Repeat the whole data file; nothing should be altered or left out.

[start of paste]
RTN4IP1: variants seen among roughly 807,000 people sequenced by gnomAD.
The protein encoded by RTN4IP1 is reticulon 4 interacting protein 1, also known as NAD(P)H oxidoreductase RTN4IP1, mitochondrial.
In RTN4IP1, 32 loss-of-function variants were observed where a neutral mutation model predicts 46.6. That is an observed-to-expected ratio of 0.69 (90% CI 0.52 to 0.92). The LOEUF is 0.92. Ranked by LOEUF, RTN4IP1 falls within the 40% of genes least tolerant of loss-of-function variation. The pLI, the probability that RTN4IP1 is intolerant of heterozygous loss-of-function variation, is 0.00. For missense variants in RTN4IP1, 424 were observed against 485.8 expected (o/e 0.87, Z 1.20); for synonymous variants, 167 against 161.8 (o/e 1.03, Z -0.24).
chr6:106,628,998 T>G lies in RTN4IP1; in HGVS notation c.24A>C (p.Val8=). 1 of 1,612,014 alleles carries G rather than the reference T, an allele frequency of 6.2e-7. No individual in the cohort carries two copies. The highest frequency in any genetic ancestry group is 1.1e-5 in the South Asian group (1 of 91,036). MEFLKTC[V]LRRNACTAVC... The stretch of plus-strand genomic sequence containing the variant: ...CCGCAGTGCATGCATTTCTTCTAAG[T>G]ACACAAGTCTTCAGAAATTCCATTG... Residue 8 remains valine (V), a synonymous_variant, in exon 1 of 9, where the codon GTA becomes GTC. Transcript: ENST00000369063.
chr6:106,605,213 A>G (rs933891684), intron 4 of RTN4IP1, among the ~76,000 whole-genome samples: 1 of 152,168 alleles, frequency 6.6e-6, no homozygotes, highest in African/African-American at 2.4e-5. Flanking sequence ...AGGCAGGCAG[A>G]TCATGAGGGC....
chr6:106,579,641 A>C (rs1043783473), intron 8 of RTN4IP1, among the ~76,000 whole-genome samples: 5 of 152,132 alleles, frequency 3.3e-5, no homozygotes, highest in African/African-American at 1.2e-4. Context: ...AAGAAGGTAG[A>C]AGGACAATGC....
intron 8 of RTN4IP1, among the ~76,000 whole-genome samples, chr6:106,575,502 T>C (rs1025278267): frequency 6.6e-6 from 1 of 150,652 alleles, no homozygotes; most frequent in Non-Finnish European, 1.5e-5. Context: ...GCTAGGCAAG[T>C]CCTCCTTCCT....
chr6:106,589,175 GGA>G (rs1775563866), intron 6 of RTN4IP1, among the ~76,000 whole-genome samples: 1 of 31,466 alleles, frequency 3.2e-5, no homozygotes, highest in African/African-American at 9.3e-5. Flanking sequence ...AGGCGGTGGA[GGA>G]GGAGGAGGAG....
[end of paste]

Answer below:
RTN4IP1: variants seen among roughly 807,000 people sequenced by gnomAD.
The protein encoded by RTN4IP1 is reticulon 4 interacting protein 1, also known as NAD(P)H oxidoreductase RTN4IP1, mitochondrial.
In RTN4IP1, 32 loss-of-function variants were observed where a neutral mutation model predicts 46.6. That is an observed-to-expected ratio of 0.69 (90% CI 0.52 to 0.92). The LOEUF is 0.92. Ranked by LOEUF, RTN4IP1 falls within the 40% of genes least tolerant of loss-of-function variation. The pLI, the probability that RTN4IP1 is intolerant of heterozygous loss-of-function variation, is 0.00. For missense variants in RTN4IP1, 424 were observed against 485.8 expected (o/e 0.87, Z 1.20); for synonymous variants, 167 against 161.8 (o/e 1.03, Z -0.24).
chr6:106,628,998 T>G lies in RTN4IP1; in HGVS notation c.24A>C (p.Val8=). 1 of 1,612,014 alleles carries G rather than the reference T, an allele frequency of 6.2e-7. No individual in the cohort carries two copies. The highest frequency in any genetic ancestry group is 1.1e-5 in the South Asian group (1 of 91,036). MEFLKTC[V]LRRNACTAVC... The stretch of plus-strand genomic sequence containing the variant: ...CCGCAGTGCATGCATTTCTTCTAAG[T>G]ACACAAGTCTTCAGAAATTCCATTG... Residue 8 remains valine (V), a synonymous_variant, in exon 1 of 9, where the codon GTA becomes GTC. Transcript: ENST00000369063.
chr6:106,605,213 A>G (rs933891684), intron 4 of RTN4IP1, among the ~76,000 whole-genome samples: 1 of 152,168 alleles, frequency 6.6e-6, no homozygotes, highest in African/African-American at 2.4e-5. Flanking sequence ...AGGCAGGCAG[A>G]TCATGAGGGC....
chr6:106,579,641 A>C (rs1043783473), intron 8 of RTN4IP1, among the ~76,000 whole-genome samples: 5 of 152,132 alleles, frequency 3.3e-5, no homozygotes, highest in African/African-American at 1.2e-4. Context: ...AAGAAGGTAG[A>C]AGGACAATGC....
intron 8 of RTN4IP1, among the ~76,000 whole-genome samples, chr6:106,575,502 T>C (rs1025278267): frequency 6.6e-6 from 1 of 150,652 alleles, no homozygotes; most frequent in Non-Finnish European, 1.5e-5. Context: ...GCTAGGCAAG[T>C]CCTCCTTCCT....
chr6:106,589,175 GGA>G (rs1775563866), intron 6 of RTN4IP1, among the ~76,000 whole-genome samples: 1 of 31,466 alleles, frequency 3.2e-5, no homozygotes, highest in African/African-American at 9.3e-5. Flanking sequence ...AGGCGGTGGA[GGA>G]GGAGGAGGAG....